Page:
COVID-19 is killing more than 550 people a day in the Midwest — the most in the nation, per capita. And yet, as the population continues to get sick, college football is still happening there … sort of.

Ryan Day
Ohio State head coach Ryan Day talks to his players during an NCAA college football game against Indiana on Saturday, Nov. 21, 2020. Day is now among several players and staff out with COVID-19. The Buckeyes’ return this weekend, or even the season, is questionable. (Image: AP)

Thus far this season, only opening week in the Big Ten went off without a cancellation due to COVID-19. Eight teams have missed at least one game with no room in the schedule for makeups.

This weekend, No. 4 Ohio State (4-0) continued to see its hopes fade as it canceled vs. Illinois, its second no-contest in three weeks. The first cancellation came against Maryland on Nov. 11 after that program’s outbreak.

While cryptic about individual infection numbers, it’s believed Ohio State’s football program suffered an estimated 13 to 20 infections in the past week.

Buckeyes Might Not Take the Field Again

Ohio State’s football program remains on indefinite pause as it continues to test for additional coronavirus cases. If the Buckeyes can play Saturday at Michigan State, a long shot, they will have to go without head coach Ryan Day, who tested positive for the virus and will not have met Big Ten’s quarantine protocol timeline.

If the Buckeyes are healthy enough to play against Michigan on Dec. 12, they would still have to do it without at least seven starters who’ve also tested positive over the past week.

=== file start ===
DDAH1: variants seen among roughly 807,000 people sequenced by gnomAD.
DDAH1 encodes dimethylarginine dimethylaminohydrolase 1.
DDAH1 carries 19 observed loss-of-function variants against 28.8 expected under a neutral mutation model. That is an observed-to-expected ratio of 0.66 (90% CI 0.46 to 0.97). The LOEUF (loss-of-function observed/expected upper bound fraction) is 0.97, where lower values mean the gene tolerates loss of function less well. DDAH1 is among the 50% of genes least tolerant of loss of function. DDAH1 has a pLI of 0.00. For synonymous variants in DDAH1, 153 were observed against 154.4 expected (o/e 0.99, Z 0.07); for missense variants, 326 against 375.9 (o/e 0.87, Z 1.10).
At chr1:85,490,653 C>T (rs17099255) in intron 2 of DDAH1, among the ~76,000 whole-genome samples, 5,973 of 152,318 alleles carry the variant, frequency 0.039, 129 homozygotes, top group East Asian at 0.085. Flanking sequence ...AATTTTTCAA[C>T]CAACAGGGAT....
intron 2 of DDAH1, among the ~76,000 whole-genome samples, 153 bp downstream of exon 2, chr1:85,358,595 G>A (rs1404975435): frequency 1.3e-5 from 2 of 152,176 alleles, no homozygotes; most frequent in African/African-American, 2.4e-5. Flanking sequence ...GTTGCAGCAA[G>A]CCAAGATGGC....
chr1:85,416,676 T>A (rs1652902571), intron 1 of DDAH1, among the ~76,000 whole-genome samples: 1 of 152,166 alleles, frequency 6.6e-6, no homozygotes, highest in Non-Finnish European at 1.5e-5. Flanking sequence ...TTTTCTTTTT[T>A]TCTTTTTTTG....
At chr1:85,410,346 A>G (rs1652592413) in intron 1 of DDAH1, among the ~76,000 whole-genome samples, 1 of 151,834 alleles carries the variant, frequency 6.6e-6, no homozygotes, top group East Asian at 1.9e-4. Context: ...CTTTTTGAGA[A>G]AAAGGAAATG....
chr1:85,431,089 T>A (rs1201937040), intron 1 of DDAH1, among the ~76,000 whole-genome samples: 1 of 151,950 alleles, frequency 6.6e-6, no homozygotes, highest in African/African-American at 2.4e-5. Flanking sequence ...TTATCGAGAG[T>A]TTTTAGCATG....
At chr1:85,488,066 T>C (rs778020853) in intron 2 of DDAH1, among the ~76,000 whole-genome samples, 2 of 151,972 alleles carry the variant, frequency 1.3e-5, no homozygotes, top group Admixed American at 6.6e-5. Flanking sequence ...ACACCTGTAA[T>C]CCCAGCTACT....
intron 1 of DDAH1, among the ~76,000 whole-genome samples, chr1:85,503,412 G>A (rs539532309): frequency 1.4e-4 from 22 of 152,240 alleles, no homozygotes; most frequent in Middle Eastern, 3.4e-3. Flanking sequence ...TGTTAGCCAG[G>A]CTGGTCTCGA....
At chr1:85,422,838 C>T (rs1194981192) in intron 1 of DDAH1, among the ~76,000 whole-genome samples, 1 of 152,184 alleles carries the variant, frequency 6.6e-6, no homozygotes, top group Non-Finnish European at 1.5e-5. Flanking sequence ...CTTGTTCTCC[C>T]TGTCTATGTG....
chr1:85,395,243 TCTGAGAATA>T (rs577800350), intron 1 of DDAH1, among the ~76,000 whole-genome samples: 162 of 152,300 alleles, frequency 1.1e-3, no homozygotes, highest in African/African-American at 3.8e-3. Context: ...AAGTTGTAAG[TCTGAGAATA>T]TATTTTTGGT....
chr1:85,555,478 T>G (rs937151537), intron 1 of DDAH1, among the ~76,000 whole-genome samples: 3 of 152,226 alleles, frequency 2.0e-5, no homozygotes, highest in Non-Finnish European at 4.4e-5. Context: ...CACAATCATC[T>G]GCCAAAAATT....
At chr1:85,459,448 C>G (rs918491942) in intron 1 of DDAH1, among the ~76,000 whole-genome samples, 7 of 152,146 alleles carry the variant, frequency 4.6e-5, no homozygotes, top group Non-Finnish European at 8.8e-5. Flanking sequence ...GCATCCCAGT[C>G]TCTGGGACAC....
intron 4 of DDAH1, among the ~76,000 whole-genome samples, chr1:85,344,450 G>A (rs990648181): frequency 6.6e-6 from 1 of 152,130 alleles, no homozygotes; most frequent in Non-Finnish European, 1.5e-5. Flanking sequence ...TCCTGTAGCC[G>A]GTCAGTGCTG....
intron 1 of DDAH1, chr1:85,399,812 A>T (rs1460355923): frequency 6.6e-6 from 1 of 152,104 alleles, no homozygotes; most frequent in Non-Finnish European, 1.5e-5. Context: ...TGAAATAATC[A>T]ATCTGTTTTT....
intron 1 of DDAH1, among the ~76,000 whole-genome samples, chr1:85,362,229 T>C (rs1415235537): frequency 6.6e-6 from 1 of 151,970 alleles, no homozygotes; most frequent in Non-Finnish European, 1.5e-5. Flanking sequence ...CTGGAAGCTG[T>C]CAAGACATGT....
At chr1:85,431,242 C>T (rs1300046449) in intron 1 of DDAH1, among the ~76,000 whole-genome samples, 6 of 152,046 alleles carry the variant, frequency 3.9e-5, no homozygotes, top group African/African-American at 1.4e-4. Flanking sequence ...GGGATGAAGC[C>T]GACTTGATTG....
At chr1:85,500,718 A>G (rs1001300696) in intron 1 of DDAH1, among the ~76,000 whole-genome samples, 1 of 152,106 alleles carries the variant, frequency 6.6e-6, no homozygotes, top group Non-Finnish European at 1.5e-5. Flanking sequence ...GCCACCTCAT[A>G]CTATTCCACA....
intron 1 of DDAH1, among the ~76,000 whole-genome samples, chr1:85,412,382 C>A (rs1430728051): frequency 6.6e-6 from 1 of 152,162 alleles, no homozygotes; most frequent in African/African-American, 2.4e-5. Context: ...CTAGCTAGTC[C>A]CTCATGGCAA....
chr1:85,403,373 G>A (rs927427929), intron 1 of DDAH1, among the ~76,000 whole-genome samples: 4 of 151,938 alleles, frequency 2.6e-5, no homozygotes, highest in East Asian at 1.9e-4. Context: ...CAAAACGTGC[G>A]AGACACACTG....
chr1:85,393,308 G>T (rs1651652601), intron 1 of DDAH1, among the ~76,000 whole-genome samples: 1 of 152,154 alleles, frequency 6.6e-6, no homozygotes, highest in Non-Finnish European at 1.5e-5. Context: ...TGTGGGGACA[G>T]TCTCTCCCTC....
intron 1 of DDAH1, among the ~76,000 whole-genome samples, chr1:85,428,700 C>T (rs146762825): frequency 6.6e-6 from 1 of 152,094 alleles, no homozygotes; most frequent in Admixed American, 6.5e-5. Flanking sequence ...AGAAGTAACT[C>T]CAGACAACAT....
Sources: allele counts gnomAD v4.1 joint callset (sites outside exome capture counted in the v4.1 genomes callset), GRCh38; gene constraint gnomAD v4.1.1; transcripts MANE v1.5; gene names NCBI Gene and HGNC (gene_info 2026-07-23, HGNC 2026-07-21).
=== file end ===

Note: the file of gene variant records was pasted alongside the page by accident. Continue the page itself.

The Big Ten, which tests six days a week, will have the latest Ohio State results on Monday or Tuesday, which should determine whether this weekend’s matchup is on or off. The conference requires a minimum of six games to qualify for its championship game. The College Football Playoff likely won’t take a team with a four game sample size.

If other teams’ COVID-protocols are any indicator, the prognosis for Ohio State retaking the field this season isn’t great.

  • When Wisconsin vs. Nebraska was canceled on Oct. 28, the Badgers had 12 positive tests. A week later, when they canceled against Purdue, that number ballooned to 27.
  • When Maryland vs. Ohio State was canceled on Nov. 11, the Terrapins had eight positive tests. A week later, that number ballooned to 23.
  • Though avoiding cancellations, Minnesota has been playing with players absent since Week 1. When their game vs. Wisconsin was canceled, the Gophers had nine players and six staff members test positive. The program is temporarily shut down with 40 cases.

This leaves the door open for No. 16 Indiana (4-1), which would be in the drivers’ seat should they win this weekend at No. 16 Wisconsin, provided both teams can stay healthy between now and Saturday.

Meanwhile, Franklin County, home to the Buckeyes, is entering its second week as a “purple” or Level 4, the highest designation for COVID-19 spread. Over the weekend, Ohio Gov. Mike DeWine warned the virus’ spread across the state is “very dangerous as we move into the holidays.”

Golden Gophers Spread Rampant as Hennepin County Reels

In Minnesota, things are even more dire. The Golden Gophers’ athletic department announced Saturday evening an additional 15 positive cases to its program, including eight players and seven staff.

The programs’ total cases are 40, evenly split between players and staff. All team activities are on pause, though they still haven’t ruled out this weekend’s game vs. Northwestern on Saturday at TCF Bank Stadium.

Hennepin County, home of the Gophers, is also experiencing an uncontrollable spread. Sunday totals for the state were “record-smashing,” according to one data journalist, and trending worse.

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